Warmth is very important for the aged; exposure to chills should be scrupulously avoided. Bronchitis is the malady most to be feared, and its attacks are very easily provoked. Many old people suffer from more or less cough during the winter months, and this symptom may recur year after year, and be almost unheeded. At last, perhaps a few minutes' exposure to a cold wind increases the irritation in the lungs, the cough becomes worse, and the difficulty of breathing increases until suffocation terminates in death. To obviate such risk the skin should be carefully protected by warm flannel clothes, the outdoor thermometer should be noticed, and winter garments should always be at hand. In cold weather the lungs should be protected by breathing through the nose as much as possible, and by wearing a light woolen or silken muffler over the mouth. The temperature of the sitting- and bed-rooms is another point which requires attention. Some old people pride themselves on never requiring a fire in their bedrooms. It is, however, a risky practice to exchange a temperature of 65° or 70° for one fifteen or twenty degrees lower. As a general rule, for persons sixty-five years of age and upward, the temperature of the bed-room should not be below 60°, and when there are any symptoms of bronchitis it should be raised from five to ten degrees higher.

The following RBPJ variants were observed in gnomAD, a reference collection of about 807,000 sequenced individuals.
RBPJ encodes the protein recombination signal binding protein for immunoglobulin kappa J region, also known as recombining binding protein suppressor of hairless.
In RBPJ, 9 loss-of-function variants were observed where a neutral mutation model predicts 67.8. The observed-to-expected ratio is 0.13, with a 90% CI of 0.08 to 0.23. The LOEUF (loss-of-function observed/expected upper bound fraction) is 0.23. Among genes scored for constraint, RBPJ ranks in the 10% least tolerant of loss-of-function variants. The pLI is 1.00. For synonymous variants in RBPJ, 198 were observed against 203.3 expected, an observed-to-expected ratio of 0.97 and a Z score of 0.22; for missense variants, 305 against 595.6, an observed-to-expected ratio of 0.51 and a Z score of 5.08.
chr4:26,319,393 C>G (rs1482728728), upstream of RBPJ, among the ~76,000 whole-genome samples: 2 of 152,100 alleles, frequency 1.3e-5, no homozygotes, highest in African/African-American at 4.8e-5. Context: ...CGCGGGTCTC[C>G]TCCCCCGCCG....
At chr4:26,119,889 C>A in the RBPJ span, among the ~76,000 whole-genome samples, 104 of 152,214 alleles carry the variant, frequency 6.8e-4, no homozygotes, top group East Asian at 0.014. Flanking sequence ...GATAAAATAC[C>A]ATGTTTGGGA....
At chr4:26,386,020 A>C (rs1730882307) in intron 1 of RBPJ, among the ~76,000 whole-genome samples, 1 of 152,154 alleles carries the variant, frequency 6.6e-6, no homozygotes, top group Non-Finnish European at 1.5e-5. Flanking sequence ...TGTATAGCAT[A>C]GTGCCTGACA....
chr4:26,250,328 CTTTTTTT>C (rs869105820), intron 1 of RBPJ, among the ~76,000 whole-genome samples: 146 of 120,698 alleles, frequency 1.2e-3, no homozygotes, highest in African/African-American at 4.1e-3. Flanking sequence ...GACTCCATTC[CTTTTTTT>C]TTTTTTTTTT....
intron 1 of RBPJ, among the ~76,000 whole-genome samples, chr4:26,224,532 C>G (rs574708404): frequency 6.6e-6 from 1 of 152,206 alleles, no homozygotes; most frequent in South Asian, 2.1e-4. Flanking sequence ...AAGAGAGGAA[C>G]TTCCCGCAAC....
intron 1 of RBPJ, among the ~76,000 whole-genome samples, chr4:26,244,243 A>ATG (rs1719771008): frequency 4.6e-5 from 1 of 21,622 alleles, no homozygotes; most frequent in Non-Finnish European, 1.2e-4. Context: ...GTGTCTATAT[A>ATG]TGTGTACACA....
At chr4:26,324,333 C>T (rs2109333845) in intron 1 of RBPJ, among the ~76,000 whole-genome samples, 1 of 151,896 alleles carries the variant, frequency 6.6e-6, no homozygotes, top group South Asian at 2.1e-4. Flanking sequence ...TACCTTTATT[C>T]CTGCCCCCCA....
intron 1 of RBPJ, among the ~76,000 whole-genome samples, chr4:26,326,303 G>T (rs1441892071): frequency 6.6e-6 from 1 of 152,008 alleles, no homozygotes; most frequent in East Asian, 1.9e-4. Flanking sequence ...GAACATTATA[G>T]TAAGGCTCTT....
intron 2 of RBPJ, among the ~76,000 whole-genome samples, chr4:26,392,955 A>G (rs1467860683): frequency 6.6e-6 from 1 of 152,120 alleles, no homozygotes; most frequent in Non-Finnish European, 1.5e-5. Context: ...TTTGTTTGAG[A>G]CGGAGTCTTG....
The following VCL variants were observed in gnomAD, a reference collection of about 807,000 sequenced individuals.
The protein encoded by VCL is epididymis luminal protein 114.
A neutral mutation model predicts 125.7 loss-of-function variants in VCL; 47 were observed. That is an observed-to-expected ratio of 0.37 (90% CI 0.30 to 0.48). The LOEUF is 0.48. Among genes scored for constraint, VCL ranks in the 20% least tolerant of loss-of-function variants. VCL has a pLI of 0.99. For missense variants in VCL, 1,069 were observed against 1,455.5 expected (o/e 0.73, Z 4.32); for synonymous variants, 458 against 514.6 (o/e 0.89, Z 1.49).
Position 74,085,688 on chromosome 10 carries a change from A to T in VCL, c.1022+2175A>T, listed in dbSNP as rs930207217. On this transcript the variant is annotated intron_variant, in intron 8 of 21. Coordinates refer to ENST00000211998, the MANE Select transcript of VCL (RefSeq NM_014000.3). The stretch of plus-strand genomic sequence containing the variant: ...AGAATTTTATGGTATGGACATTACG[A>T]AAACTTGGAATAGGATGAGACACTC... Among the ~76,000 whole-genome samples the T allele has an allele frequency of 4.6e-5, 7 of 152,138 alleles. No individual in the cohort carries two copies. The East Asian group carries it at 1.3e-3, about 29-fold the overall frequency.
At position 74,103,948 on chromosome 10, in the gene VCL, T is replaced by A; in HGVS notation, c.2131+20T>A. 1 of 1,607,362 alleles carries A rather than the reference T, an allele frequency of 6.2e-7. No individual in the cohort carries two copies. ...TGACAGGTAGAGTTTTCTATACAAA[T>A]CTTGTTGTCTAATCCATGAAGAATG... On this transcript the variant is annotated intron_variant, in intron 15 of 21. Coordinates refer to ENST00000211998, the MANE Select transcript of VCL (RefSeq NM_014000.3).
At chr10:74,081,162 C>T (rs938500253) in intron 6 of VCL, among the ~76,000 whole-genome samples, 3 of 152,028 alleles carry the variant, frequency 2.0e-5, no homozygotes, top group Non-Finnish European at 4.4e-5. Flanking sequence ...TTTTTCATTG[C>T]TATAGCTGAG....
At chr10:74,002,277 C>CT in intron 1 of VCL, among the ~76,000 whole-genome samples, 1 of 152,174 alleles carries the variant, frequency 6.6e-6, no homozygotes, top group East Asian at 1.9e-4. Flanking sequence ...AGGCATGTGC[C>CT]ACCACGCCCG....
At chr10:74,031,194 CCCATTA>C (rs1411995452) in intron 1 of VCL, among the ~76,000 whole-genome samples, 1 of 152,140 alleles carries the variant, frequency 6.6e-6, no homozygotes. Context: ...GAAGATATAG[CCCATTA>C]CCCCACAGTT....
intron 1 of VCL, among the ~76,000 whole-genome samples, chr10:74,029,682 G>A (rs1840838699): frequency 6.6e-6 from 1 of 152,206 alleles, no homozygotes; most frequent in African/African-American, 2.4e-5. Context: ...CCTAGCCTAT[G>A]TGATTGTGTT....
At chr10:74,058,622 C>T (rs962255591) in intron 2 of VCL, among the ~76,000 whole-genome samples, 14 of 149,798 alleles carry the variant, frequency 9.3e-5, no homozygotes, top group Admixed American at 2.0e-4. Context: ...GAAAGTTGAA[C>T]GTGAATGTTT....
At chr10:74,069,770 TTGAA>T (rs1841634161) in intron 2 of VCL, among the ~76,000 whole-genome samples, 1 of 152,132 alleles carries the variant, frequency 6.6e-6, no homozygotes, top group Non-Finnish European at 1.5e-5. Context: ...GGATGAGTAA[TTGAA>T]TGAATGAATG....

Careful cleansing of the skin is the last point which needs to be mentioned in an article like the present. Attention to cleanliness is decidedly conducive to longevity, and we may congratulate ourselves on the general improvement in our habits in this respect. Frequent washing with warm water is very advantageous for old people, in whom the skin is only too apt to become hard and dry; and the benefit will be increased if the ablutions be succeeded by friction with coarse flannel or linen gloves, or with a flesh-brush. Every part of the skin should be thus washed and rubbed daily. The friction removes worn-out particles of the skin, and the exercise promotes warmth and excites perspiration. Too much attention can hardly be paid to the state of the skin; the comfort of the aged is greatly dependent upon the proper discharge of its functions.
Such, then, are the principal measures by which life may be prolonged and health maintained down to the closing scene. It remains to be seen whether, as a result of progress of knowledge and civilization, life will ever be protracted beyond the limit assigned to it in a preceding paragraph. There is no doubt that the average duration of human life is capable of very great extension, and that the same causes which serve to prolong life materially contribute toward the happiness of mankind. The experience of the last few decades abundantly testifies to the marked improvement which has taken place in the public health. Statistics show